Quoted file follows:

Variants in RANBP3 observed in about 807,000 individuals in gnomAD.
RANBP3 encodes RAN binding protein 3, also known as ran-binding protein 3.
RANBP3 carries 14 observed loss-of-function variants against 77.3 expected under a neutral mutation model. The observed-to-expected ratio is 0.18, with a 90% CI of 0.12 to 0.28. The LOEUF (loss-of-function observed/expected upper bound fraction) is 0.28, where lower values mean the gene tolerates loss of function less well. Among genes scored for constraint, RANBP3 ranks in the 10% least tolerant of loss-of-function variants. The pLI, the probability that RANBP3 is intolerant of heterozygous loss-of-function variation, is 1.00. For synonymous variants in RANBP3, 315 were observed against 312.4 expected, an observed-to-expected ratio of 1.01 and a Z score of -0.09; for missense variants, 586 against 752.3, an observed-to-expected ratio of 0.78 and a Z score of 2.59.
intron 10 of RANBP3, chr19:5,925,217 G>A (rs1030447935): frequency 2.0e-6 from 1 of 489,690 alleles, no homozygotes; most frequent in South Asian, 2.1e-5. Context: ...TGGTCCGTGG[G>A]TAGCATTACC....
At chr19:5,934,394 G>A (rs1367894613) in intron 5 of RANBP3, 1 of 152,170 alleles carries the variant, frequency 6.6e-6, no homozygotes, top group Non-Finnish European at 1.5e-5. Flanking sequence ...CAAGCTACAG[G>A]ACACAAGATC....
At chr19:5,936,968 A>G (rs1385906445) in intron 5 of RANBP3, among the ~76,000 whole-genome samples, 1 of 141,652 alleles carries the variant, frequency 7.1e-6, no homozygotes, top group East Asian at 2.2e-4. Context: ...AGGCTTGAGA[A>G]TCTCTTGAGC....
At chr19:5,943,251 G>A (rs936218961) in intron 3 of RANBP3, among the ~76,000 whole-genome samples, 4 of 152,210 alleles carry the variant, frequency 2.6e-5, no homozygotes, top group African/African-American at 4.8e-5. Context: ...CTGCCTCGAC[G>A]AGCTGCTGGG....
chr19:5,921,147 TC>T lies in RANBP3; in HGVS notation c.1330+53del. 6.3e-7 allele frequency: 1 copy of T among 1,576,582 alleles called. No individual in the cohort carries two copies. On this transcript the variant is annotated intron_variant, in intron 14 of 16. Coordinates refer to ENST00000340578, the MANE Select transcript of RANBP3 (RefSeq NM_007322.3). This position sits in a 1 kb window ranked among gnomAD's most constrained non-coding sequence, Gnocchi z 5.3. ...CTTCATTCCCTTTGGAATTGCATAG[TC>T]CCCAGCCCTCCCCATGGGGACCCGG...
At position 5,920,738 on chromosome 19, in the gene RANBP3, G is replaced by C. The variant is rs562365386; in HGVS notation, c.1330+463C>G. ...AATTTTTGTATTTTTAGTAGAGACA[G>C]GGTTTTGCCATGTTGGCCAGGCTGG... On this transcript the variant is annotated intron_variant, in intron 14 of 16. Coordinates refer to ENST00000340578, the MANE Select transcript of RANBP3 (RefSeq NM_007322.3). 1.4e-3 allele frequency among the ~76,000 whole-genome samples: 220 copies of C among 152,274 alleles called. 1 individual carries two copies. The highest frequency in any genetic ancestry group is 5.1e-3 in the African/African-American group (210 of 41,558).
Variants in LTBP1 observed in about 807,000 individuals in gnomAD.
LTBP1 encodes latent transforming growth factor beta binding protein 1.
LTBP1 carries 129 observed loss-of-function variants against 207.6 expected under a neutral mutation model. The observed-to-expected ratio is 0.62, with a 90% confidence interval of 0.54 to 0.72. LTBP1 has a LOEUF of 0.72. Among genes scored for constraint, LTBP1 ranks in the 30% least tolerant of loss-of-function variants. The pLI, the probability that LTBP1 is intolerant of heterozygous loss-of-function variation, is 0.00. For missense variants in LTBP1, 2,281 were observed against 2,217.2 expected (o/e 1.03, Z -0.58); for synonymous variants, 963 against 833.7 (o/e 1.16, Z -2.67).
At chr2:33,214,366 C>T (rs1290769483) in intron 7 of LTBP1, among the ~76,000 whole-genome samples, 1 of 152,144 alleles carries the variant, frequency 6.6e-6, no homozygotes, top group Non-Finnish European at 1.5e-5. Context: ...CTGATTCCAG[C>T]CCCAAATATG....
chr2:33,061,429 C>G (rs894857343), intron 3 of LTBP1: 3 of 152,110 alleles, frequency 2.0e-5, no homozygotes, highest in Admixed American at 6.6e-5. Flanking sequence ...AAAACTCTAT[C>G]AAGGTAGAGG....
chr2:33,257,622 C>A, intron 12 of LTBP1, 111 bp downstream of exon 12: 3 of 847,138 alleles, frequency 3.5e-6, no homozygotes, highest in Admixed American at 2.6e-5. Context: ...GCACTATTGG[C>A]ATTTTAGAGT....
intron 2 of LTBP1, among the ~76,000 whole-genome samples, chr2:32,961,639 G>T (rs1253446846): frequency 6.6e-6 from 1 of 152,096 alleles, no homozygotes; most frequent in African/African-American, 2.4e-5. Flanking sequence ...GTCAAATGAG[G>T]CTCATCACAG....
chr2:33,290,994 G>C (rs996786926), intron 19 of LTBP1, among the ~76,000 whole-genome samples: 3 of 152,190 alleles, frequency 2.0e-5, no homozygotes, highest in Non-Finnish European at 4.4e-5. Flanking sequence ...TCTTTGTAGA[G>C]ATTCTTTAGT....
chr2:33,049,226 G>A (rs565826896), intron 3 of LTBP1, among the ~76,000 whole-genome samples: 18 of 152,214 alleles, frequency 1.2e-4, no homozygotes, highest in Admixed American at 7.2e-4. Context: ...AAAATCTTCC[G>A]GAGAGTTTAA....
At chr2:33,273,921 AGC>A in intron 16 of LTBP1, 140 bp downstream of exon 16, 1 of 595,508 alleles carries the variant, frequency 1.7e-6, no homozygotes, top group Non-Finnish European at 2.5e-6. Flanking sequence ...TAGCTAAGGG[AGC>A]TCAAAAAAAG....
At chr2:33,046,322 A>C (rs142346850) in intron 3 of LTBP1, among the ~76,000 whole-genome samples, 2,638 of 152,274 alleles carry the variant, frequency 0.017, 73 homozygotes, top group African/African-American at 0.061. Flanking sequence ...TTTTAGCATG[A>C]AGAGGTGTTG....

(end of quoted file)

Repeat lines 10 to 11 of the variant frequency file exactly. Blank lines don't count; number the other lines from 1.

Variants in LTBP1 observed in about 807,000 individuals in gnomAD.
LTBP1 encodes latent transforming growth factor beta binding protein 1.